Stopping ageing itself
Dealing with individual conditions is key to improving quality of life. But many experts believe that there is a natural limit to the human life span. Neurobiologist Sir Colin Blakemore estimates that, even with perfect medical care, people will never be able to live beyond the age of 120. Regardless of how healthy you are, day-to-day life takes its toll on the body. A normal body repairs itself using cell division. But there is a limit to this process, which is why the elderly find it increasingly hard to recover from even minor injuries. Scientists believe these limits to cell division are caused by telomeres, which protect human chromosomes. Each time a cell divides, the telomere gets shorter, eventually leaving the chromosomes unprotected, and vulnerable to mutation. However, last year researchers at Stanford University School of Medicine re-engineered a cluster of cells, extending the length of their telomeres, potentially delaying the point at which the body starts to degenerate.
Another approach comes from research into calorie restriction (fasting). It has long been known that restricting the calories of animals in laboratories can boost their life span greatly by slowing down the pace of cellular mutations and encouraging the body to process energy more efficiently. However, the evidence for similar effects in humans is limited, and anyway most people would find following such a diet easier said than done. So instead, many scientists are trying to work on drugs that mimic the effect of calorie reduction on the body. I take a look at some of the most promising firms in each of these fields below.
The five stocks to buy now
Pharmaceutical giant AstraZeneca (LSE: AZN) has been investing in cancer treatments that harness the patient’s own immune system for a long time now, starting with the acquisition of Cambridge Antibody Technology ten years ago. Today, its most promising immunotherapy drugs are durvalumab and tremelimumab. Previous trials have suggested that the drugs perform poorly on their own. However, in February a study demonstrated that combining the two had a significant impact on a specific type of lung cancer that is currently considered virtually untreatable. The group trades on a price/earnings (p/e) ratio of 16.3 and is seen as a potential acquisition for Swiss rival Novartis.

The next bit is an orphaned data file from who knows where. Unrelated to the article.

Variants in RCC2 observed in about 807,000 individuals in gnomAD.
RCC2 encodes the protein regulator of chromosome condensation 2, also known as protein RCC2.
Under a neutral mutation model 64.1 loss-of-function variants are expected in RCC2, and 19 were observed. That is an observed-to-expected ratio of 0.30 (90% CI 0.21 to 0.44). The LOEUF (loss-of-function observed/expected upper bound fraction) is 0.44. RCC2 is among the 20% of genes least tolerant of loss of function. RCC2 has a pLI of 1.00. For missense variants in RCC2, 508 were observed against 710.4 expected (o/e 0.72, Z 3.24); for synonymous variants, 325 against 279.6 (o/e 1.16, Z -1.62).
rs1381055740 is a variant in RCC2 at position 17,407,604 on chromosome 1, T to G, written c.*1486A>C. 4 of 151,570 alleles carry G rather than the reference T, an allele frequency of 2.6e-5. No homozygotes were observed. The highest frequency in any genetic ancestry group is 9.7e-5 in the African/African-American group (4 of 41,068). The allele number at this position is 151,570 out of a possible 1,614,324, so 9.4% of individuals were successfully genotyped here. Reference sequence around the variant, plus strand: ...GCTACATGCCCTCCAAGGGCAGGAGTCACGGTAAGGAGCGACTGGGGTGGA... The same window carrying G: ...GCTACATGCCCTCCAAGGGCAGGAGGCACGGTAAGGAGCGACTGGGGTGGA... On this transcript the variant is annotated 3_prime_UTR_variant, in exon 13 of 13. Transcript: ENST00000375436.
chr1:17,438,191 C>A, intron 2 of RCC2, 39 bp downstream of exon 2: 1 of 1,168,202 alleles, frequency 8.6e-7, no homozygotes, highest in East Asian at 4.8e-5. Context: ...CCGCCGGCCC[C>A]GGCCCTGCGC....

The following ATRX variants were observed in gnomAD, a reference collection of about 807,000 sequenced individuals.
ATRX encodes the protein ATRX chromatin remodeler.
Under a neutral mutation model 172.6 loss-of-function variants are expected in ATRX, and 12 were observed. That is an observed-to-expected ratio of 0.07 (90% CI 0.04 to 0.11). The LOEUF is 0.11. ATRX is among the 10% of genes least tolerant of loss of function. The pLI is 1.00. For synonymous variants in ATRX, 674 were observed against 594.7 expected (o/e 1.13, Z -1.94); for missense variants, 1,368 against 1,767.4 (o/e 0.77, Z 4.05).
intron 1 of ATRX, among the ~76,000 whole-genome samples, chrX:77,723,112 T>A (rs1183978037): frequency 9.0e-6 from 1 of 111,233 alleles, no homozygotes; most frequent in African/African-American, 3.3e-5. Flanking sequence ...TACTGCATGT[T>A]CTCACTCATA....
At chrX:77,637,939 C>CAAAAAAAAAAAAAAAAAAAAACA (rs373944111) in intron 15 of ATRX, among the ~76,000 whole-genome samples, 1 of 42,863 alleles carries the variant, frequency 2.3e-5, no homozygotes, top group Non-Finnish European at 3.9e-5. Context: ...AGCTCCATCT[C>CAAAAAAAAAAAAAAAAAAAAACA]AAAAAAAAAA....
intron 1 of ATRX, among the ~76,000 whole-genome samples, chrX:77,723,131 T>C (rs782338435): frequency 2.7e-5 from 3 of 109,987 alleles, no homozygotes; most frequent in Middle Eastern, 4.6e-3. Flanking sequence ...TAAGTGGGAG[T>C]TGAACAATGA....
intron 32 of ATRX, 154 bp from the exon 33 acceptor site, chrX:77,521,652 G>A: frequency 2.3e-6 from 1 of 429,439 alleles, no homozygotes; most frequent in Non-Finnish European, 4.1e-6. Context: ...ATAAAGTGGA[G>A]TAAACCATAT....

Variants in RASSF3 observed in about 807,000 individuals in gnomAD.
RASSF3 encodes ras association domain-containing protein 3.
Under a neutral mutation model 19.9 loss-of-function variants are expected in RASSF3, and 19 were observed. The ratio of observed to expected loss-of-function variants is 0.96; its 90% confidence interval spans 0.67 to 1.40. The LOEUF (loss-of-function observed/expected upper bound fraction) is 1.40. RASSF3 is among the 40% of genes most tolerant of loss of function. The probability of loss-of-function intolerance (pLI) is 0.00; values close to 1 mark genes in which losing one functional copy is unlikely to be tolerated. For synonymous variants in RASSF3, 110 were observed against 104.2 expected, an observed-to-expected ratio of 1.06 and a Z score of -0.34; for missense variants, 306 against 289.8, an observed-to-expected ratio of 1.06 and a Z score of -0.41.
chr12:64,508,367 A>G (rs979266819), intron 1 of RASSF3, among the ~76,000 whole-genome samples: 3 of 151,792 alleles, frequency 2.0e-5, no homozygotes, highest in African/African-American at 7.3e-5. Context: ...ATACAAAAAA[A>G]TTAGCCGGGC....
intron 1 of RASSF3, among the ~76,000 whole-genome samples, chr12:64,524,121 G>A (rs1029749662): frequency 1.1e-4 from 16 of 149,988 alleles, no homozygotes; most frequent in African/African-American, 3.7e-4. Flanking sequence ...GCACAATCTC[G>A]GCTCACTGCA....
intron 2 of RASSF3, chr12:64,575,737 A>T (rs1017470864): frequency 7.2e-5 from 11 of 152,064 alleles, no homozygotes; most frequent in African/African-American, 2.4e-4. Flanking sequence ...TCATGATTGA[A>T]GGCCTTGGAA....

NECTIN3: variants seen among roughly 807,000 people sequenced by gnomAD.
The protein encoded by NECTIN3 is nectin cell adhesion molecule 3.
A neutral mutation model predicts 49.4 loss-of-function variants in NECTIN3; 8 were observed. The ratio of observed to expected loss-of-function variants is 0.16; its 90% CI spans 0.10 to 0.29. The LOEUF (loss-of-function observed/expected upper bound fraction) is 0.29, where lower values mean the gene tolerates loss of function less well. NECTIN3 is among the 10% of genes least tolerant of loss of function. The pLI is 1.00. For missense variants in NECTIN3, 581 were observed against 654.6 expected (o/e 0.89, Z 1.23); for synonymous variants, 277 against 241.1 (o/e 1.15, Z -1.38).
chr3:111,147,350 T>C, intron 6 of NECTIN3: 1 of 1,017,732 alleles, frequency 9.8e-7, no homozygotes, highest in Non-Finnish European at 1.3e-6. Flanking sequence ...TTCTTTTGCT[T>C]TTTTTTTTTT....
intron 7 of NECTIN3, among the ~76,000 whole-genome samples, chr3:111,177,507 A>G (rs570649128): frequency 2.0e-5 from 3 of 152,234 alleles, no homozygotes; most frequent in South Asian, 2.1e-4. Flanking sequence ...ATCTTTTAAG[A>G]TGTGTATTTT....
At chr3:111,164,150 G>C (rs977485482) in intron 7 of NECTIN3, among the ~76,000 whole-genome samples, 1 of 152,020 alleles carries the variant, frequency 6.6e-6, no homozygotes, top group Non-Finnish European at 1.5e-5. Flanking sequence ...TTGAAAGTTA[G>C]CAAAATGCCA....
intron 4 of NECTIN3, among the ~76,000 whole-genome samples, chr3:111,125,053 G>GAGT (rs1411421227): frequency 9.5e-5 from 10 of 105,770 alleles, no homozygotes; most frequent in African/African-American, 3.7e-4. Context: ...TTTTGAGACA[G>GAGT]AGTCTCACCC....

A purer play on immunotherapy is Oxford-based Adaptimmune (Nasdaq: ADAP). The company’s big idea is to take white blood cells from the patient’s immune system, re-engineer them so that they can spot cancers, and then replace the remaining immune cells with the modified cells. Small-scale trials have been so successful that drug giant GlaxoSmithKline has agreed to do a much larger trial involving up to 100 patients suffering from synovial sarcoma, a cancer with a very low survival rate. Adaptimmune is still loss-making, but has enough cash to bring its treatment to market, if successful.
One biotech company in pole position to develop an Alzheimer’s treatment is Biogen (Nasdaq: BIIB). As discussed above, its aducanumab drug has produced very positive results in trials and has now been granted fast-track status by the US Food and Drug Administration, which should help it get to market quickly. JP Morgan reckons it has a 50% chance of becoming a major blockbuster and bringing in up to $15bn a year in peak revenues. Both Amgen and Merck are thought to be considering bids for the company, which could boost the price by as much as a third. For now, Biogen trades on a p/e of 14.5.
Wireless medical devices maker Medtronic (NYSE: MDT) has risen by around a third since we tipped it just over two years ago. A recent study has reinforced both the excellent safety record of its Micra wireless pacemaker, and its potential to reduce the time spent in hospital after an operation. It also produces a wide range of devices used to monitor and treat other conditions.
This puts Medtronic, which trades on a p/e of 18.2, in a strong position.
Australia’s Mesoblast (Nasdaq: MESO) specialises in regenerative medicine and the use of adult stem cells to help the body repair itself. It owns more than 600 patents covering a wide range of conditions. A treatment for advanced chronic heart failure – which could be very profitable for the company – is in final stage trials just now. The cost of the trials means Mesoblast is currently loss-making, but the company has enough cash on hand to see it through at least two more years.